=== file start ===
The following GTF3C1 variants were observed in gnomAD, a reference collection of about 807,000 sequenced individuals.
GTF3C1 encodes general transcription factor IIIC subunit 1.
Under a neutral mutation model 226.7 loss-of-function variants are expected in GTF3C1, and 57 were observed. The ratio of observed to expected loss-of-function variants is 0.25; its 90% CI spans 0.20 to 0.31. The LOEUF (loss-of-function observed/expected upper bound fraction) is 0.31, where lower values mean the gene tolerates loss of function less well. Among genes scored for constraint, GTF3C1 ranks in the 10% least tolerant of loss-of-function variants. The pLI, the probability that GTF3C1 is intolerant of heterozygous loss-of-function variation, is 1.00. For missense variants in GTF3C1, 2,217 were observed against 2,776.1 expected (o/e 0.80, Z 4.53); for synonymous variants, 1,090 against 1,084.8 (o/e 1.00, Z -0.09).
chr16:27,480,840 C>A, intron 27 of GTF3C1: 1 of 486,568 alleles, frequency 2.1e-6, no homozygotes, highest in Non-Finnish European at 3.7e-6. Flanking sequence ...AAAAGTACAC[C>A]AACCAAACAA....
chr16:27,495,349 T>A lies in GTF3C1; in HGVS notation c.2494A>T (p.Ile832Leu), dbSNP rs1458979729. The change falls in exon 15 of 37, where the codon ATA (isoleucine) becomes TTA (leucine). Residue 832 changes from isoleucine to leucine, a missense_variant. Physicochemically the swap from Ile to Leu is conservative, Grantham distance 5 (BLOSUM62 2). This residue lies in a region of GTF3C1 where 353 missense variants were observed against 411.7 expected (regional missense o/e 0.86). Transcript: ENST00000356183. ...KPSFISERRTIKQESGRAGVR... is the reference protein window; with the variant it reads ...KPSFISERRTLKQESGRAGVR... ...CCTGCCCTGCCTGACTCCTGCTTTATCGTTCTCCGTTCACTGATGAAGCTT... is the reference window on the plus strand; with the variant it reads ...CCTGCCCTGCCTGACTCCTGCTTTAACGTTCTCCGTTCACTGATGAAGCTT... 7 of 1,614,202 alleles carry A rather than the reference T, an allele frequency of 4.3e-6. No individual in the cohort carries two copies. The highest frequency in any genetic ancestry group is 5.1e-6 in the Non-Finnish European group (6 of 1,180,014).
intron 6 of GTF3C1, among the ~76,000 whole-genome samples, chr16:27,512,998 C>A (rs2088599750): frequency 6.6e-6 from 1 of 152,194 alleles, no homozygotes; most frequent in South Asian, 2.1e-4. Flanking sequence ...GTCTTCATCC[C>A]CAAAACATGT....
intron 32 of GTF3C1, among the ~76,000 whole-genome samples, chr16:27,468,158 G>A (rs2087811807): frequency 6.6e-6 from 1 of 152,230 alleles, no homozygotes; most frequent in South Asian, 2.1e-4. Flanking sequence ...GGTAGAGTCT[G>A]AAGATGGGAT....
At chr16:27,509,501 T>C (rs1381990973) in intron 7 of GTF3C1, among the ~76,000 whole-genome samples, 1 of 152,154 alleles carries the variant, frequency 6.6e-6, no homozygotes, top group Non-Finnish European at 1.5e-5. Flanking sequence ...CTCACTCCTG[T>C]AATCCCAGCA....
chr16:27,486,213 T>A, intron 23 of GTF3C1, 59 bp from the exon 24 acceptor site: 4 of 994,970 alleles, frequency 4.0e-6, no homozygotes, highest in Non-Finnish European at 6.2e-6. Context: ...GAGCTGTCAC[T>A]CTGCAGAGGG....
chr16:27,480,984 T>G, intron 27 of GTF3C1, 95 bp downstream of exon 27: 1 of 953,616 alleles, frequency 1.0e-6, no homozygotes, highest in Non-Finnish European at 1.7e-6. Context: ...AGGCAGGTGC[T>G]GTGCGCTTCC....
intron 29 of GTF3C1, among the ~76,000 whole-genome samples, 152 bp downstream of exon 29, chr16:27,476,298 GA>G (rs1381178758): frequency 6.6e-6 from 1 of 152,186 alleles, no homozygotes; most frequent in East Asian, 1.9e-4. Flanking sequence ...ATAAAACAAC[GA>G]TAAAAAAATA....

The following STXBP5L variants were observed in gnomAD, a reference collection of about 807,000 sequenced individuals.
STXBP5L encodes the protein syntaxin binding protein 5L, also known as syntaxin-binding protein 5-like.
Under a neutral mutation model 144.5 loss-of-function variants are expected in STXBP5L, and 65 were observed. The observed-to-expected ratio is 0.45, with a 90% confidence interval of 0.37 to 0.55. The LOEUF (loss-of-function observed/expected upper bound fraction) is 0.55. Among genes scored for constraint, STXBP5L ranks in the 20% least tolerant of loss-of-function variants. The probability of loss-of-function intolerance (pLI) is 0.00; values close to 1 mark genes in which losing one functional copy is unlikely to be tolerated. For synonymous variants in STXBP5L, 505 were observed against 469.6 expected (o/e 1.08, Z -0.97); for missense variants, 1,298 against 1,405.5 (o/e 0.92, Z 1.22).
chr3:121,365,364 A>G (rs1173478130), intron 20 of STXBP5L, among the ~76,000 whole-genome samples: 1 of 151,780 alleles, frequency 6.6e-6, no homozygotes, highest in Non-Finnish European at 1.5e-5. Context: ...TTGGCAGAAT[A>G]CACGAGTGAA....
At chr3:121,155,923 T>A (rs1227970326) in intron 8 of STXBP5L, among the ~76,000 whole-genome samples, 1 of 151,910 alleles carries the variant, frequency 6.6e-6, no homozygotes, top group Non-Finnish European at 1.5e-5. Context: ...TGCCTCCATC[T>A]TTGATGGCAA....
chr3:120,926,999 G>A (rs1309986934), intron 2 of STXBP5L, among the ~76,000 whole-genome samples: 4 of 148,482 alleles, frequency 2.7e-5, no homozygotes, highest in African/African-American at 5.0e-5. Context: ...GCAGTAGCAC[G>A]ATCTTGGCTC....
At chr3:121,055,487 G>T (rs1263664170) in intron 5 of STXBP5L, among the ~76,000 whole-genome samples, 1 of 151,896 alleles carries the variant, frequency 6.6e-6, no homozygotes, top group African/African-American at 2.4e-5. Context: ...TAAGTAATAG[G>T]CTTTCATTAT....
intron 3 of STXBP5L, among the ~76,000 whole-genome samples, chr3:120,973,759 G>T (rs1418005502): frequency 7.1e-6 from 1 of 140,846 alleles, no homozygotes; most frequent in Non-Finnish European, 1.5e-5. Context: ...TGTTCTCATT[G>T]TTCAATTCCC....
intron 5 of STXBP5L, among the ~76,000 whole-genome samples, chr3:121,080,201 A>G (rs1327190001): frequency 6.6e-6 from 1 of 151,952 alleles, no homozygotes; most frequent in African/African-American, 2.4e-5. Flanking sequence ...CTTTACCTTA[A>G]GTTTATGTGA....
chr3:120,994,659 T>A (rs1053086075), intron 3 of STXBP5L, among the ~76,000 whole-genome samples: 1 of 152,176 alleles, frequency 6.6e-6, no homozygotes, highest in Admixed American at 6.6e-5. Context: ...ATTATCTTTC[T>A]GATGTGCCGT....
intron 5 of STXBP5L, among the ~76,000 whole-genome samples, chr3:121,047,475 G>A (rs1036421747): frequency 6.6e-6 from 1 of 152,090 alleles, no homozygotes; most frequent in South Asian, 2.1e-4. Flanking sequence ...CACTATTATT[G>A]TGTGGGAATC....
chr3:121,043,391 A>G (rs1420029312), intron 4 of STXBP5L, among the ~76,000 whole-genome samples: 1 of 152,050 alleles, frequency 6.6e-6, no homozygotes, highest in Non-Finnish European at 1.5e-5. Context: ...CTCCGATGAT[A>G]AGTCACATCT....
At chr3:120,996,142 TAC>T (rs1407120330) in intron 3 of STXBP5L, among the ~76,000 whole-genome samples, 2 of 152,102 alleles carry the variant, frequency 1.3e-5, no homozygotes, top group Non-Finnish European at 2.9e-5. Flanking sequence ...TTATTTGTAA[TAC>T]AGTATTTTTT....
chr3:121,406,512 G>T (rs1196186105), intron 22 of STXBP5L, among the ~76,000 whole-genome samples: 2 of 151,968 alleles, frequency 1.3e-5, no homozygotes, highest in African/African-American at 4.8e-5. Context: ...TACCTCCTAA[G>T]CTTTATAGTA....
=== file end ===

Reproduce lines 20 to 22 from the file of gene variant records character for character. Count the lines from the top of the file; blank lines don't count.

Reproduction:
intron 5 of STXBP5L, among the ~76,000 whole-genome samples, chr3:121,080,201 A>G (rs1327190001): frequency 6.6e-6 from 1 of 151,952 alleles, no homozygotes; most frequent in African/African-American, 2.4e-5. Flanking sequence ...CTTTACCTTA[A>G]GTTTATGTGA....
chr3:120,994,659 T>A (rs1053086075), intron 3 of STXBP5L, among the ~76,000 whole-genome samples: 1 of 152,176 alleles, frequency 6.6e-6, no homozygotes, highest in Admixed American at 6.6e-5. Context: ...ATTATCTTTC[T>A]GATGTGCCGT....
intron 5 of STXBP5L, among the ~76,000 whole-genome samples, chr3:121,047,475 G>A (rs1036421747): frequency 6.6e-6 from 1 of 152,090 alleles, no homozygotes; most frequent in South Asian, 2.1e-4. Flanking sequence ...CACTATTATT[G>A]TGTGGGAATC....